Dynamic succession of soil microbial community during continuous cropping of Astragalus membranaceus Bge. var. mongholicus (Bge.)
- Subject Areas
- Agricultural Science, Ecology, Microbiology
- Rhizosphere, Microbial community, Enzymes activity, Continuous cropping, A. mongholicus
- © 2019 Sun et al.
- This is an open access article distributed under the terms of the Creative Commons Attribution License, which permits unrestricted use, distribution, reproduction and adaptation in any medium and for any purpose provided that it is properly attributed. For attribution, the original author(s), title, publication source (PeerJ Preprints) and either DOI or URL of the article must be cited.
- Cite this article
- 2019. Dynamic succession of soil microbial community during continuous cropping of Astragalus membranaceus Bge. var. mongholicus (Bge.) PeerJ Preprints 7:e27600v1 https://doi.org/10.7287/peerj.preprints.27600v1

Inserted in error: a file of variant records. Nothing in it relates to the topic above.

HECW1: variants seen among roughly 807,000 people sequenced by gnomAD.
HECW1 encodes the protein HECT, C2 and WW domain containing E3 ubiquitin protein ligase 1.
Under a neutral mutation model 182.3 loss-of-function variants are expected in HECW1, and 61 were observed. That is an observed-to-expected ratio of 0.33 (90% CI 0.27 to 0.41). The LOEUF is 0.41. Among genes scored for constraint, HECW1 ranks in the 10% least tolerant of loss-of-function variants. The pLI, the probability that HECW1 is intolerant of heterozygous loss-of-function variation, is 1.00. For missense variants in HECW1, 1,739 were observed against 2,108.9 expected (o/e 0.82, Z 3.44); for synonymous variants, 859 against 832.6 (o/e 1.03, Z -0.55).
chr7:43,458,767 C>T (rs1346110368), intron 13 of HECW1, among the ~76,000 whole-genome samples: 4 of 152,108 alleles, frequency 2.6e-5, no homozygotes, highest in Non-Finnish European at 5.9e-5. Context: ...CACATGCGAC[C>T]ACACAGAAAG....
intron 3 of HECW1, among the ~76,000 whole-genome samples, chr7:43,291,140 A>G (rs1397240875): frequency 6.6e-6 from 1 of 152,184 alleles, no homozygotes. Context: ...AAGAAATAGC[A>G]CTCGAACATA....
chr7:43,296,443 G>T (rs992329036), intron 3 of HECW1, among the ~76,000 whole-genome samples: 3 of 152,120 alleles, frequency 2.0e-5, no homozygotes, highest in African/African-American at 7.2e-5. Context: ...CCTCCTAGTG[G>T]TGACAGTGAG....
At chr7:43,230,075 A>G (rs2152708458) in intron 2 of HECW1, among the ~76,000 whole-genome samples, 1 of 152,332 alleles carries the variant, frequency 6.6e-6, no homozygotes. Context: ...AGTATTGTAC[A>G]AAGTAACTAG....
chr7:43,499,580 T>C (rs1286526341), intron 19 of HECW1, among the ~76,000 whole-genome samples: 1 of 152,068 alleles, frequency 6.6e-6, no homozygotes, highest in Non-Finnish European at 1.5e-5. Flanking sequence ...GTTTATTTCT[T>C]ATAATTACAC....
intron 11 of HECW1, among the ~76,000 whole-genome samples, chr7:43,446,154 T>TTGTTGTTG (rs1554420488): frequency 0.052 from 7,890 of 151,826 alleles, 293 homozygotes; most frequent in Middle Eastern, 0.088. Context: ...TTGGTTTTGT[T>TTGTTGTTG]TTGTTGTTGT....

Background. Continuous cropping disturbs the balance between the microbes beneficial to a plant and the pathogenic microorganisms in the rhizosphere soil, which has both a direct and indirect adverse effect on soil and plant health. It is highly significant to understand the mechanism of the obstacle found in continuous cropping and to search for a reasonable rotation model to solve the problem of continuous cropping. Astragalus membranaceus Bge. var. mongholicus (Bge.) (A. mongholicus) is a critical traditional Chinese herb, which is negatively affected by continuous cropping. Previous studies on the root rot pathogens of A. mongholicus have been conducted, while reports on the effects of A. mongholicus on the health of soil affected by continuous cropping are lacking. Methods. In this study, we observed the microbial community structure and the diversity of the rhizosphere soil under continuous cropping for 1, 3, and 6 years using the pyrosequencing approach, and compared this to bulk soil, using A. Mongholicus as the experimental material. The 16S rDNA and ITS amplicon sequencing techniques were used to detect the composition and diversity of bacteria and fungi in the rhizosphere soil and the bulk soil of A. Mongholicus. The diversity of the bacterial community and the structures of the rhizosphere and bulk soils were compared. The dynamics of the soil enzyme activity were also analyzed. Results. The results of this study illustrated that the continuous cropping of A. mongholicus caused a decline in the root dry weight, the ratio of root-top, and also influenced the growth of the root system of A. mongholicus. Continuous cropping and the sampling time shifts the diversity and structure of the microbial community in the rhizosphere soil of A. mongholicus, showing that the diversity of the microbial community in the A. mongholicus rhizosphere soil was decreased with an increase in the replanting years, while the structure of the microbial community deteriorated. The relative abundance of pathogenic fungi, Fusarium, Erysiphe, Rhizobiales, and Burkholderiales as well as bacteria related to nodulation were enriched in the A. mongholicus rhizosphere soil at different sampling stages. The beneficial bacteria decreased with the increasing years of continuous cropping during growth, which resulted in the microecological imbalance in the A. mongholicus rhizosphere, caused serious replanting diseases of continuous cropping. A decline in soil urease and invertase activities was observed after 6 years of continuous cropping. Our experimental results suggest that continuous cropping has a significant impact on soil bacterial and fungal community development, and that an increase in replanting years resulted in more negative impact on rhizosphere soil health and A. mongholicus growth.
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